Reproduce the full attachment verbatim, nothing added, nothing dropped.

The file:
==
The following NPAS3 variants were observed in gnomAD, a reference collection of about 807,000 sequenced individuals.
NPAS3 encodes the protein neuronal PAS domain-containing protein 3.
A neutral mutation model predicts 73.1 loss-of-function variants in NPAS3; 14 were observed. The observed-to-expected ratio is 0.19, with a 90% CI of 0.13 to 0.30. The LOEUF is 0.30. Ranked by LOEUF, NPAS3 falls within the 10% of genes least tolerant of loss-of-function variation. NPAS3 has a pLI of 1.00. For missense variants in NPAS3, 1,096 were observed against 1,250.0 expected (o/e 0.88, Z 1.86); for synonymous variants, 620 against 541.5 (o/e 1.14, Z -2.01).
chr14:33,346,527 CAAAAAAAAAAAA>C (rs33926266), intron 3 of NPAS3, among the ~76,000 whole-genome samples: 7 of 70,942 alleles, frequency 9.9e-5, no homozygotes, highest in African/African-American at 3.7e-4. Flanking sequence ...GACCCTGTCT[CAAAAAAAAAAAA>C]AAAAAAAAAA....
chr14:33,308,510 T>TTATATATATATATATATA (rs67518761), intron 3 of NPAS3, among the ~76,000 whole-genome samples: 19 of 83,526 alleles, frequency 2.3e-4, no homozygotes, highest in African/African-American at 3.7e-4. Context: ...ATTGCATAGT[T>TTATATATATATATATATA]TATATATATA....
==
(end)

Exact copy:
The following NPAS3 variants were observed in gnomAD, a reference collection of about 807,000 sequenced individuals.
NPAS3 encodes the protein neuronal PAS domain-containing protein 3.
A neutral mutation model predicts 73.1 loss-of-function variants in NPAS3; 14 were observed. The observed-to-expected ratio is 0.19, with a 90% CI of 0.13 to 0.30. The LOEUF is 0.30. Ranked by LOEUF, NPAS3 falls within the 10% of genes least tolerant of loss-of-function variation. NPAS3 has a pLI of 1.00. For missense variants in NPAS3, 1,096 were observed against 1,250.0 expected (o/e 0.88, Z 1.86); for synonymous variants, 620 against 541.5 (o/e 1.14, Z -2.01).
chr14:33,346,527 CAAAAAAAAAAAA>C (rs33926266), intron 3 of NPAS3, among the ~76,000 whole-genome samples: 7 of 70,942 alleles, frequency 9.9e-5, no homozygotes, highest in African/African-American at 3.7e-4. Flanking sequence ...GACCCTGTCT[CAAAAAAAAAAAA>C]AAAAAAAAAA....
chr14:33,308,510 T>TTATATATATATATATATA (rs67518761), intron 3 of NPAS3, among the ~76,000 whole-genome samples: 19 of 83,526 alleles, frequency 2.3e-4, no homozygotes, highest in African/African-American at 3.7e-4. Context: ...ATTGCATAGT[T>TTATATATATATATATATA]TATATATATA....